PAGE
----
It is easier to darken a print with Spot tone or similar than lighten a dark line which will be more obvious as you need to add white. I would fill the scratch and spot the print. If a client sent me a scratched negative the treatment depended on the quantity to be printed. For quantity printing we would clean up a good print and make a copy negative for reproduction.
Why are there no speaker jacks on a stereo camera?
Didn't Brett Weston use India ink on his thumb nail, not the hand with the Amidol stains, as in the Art Wright movie, to spot negatives?
Everytime I find a film or paper that I like, they discontinue it. - Paul Strand - Aperture monograph on Strand
Charlie, it is the dry cake type. Is it possible to use on the negative to deal with scratches? Thanks.
Originally Posted by Charles Webb
I have been playing with this a little in the darkroom. I tried Edwal No Scratch, to no avail. As I was doing this, I thought of a question that may seem stupid, but here goes.
The negative is scratched. That should mean that more light gets through to the paper, right? Yet on the print, the scratch is LIGHTER than the rest, not darker. Or am I not getting something?
Light scratches look white on the print because they scatter light away from themselves; the light which should have exposed the area under the scratch gets distributed elsewhere and just contributes to very faint overall glare. A deep scratch, on the other hand, will print dark if it goes most or all of the way through the emulsion. Try lightly scratching a piece of blank film before putting it in the enlarger and you should see this quite clearly. The more collimated the light source, the stronger the effect (i.e.--condenser versus diffusion enlarger).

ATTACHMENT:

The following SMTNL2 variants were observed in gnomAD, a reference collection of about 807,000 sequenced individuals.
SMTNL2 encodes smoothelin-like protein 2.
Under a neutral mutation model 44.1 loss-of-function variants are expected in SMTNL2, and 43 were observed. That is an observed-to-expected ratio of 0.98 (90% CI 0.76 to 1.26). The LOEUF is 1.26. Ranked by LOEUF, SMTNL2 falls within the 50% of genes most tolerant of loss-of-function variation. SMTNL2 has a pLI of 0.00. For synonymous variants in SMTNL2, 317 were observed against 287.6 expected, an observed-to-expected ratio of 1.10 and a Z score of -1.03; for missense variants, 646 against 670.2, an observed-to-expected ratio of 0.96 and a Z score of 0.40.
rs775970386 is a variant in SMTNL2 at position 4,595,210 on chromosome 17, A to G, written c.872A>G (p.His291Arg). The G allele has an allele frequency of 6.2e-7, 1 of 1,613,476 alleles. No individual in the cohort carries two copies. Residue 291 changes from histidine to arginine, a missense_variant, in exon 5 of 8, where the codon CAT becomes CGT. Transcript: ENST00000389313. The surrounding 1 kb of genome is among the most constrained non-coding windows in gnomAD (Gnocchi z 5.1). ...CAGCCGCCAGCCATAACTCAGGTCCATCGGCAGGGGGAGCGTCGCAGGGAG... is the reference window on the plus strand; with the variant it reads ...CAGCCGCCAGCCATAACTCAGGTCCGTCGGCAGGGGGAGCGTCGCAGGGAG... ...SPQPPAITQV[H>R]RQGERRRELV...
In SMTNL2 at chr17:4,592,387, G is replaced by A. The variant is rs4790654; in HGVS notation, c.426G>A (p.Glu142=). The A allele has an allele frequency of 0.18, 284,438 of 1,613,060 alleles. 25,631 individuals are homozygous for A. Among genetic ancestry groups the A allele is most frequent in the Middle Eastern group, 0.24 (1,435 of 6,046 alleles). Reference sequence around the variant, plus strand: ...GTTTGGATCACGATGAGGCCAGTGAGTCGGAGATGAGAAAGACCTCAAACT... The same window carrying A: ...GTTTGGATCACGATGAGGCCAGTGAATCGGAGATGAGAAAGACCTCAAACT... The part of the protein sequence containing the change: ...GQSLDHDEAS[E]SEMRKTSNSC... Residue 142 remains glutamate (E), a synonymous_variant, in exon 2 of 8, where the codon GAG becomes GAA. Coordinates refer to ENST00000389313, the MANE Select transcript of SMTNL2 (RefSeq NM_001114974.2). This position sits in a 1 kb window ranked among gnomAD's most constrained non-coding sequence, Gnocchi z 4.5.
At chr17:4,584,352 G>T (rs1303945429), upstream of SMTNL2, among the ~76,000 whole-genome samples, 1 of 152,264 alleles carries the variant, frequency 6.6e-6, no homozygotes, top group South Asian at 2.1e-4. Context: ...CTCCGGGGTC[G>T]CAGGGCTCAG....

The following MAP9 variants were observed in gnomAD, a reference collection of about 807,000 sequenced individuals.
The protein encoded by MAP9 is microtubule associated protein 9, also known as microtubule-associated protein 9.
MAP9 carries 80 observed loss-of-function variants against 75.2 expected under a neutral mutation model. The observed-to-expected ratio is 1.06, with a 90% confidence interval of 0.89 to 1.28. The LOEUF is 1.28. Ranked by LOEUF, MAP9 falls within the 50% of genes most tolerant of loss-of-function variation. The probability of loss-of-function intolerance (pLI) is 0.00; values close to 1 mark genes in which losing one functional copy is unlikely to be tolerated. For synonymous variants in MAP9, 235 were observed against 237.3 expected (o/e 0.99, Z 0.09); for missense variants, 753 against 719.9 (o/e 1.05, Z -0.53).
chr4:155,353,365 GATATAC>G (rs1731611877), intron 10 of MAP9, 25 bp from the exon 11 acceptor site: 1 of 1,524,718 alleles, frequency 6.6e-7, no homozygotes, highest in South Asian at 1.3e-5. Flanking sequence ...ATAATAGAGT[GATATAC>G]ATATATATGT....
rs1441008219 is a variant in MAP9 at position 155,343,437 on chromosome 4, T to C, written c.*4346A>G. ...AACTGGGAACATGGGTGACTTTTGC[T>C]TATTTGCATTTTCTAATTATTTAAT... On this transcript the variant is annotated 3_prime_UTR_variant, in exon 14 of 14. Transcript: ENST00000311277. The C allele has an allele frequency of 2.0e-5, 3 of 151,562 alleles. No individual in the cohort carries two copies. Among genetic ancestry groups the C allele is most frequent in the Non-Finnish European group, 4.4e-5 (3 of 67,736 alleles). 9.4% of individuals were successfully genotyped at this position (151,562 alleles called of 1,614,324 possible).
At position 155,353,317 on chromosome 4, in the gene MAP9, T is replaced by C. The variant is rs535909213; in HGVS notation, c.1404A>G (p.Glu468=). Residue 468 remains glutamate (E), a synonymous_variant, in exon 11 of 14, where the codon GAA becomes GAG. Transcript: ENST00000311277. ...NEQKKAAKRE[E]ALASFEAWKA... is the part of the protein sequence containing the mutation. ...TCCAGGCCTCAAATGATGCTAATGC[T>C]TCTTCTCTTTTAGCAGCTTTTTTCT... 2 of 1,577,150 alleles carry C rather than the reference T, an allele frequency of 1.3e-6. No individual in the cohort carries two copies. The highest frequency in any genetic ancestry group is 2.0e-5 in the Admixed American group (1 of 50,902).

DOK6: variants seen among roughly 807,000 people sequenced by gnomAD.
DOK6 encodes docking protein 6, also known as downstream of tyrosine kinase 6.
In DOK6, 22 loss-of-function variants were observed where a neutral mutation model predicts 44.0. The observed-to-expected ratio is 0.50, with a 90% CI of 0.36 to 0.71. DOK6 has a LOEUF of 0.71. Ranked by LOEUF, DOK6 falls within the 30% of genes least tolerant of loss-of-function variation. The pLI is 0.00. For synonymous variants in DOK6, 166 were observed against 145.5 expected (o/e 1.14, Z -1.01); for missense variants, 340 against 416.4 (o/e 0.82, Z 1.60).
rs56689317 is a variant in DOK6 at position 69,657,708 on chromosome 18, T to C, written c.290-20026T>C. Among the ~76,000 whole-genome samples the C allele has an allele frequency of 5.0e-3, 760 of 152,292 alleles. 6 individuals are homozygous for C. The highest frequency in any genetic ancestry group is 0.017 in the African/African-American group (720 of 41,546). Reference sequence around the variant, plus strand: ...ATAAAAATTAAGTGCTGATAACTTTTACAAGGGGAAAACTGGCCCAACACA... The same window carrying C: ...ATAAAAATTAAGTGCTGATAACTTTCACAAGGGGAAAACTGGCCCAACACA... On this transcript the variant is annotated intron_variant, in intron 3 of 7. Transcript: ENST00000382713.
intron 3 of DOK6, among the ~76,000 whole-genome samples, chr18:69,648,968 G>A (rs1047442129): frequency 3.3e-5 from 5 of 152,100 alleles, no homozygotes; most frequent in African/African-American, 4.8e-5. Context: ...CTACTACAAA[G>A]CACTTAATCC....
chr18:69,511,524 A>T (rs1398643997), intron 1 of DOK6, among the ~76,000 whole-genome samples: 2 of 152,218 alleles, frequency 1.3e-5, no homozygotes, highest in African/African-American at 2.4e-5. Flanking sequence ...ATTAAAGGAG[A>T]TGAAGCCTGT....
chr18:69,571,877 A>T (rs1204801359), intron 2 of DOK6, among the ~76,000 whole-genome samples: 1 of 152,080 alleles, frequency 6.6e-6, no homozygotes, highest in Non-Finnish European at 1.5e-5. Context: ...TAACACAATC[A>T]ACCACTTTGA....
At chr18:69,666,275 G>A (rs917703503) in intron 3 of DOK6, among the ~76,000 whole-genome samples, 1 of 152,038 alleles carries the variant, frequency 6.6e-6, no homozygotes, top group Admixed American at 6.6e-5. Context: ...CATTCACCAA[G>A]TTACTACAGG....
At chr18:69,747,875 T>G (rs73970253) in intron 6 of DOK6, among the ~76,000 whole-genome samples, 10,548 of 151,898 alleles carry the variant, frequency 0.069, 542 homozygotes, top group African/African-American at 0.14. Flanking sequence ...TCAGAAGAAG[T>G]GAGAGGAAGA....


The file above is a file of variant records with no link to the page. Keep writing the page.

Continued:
Interestingly, the phenomenon leads to one way of fixing airbells (the small, round undeveloped spots caused by air bubbles): a needle is used to make tiny dimples or scratches, so that the light coming through the clear spot is scattered away and causing the spot to print light gray or even white.
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If Edwal No-Scratch doesn't work, I'd probably spot the print on that one. It's slow and painstaking work. My favorite brush--Richeson Miniature Series 9131.
Please remember, a white or light defect/mark in a print is caused by damage or a scratch to the Base side of the neg.
A scratch on the emulsion side of a neg will always print Black! Dust, dirt, hair or any thing else that blocks the transmited light through the negative will be light or white when printed. Nothing new here, it has always been this way. In past posts I have gone into more detail
so I won't waste more time and space explaining.
For you who choose not to believe me, run the test for yourself. The only way a scratch on the base side could
possibly print Black would be because the scratch goes
completely through the negative! A scratch on the emulsion side can be toned down and sometimes eliminated by light etching/abrading on the Base side of the film. Etch with a sharp needle directly over the over the scratch. This creates a slight diffusion when printed. A dust mark, hair or air bell can be treated in this fashion.
Also remember from past posts that you can cut an overlay out of Crystolean (Frosted acetate). Place it over the base side of the negative on a light table with the frosted side
up. Do your pencil/Dye work directly on the overlay.
Be sure to keep everything in registration by tapeing the edges. Large areas can be lightened with plain grafite and a paper stump. Don't have a paper stump, just cut several strips of paper 4 inches wide or so (typing) and roll it into the tightest 4 inch by a half or three quarter roll you can get, glue the outer edge. When dry use sand paper to round off both ends of your roll.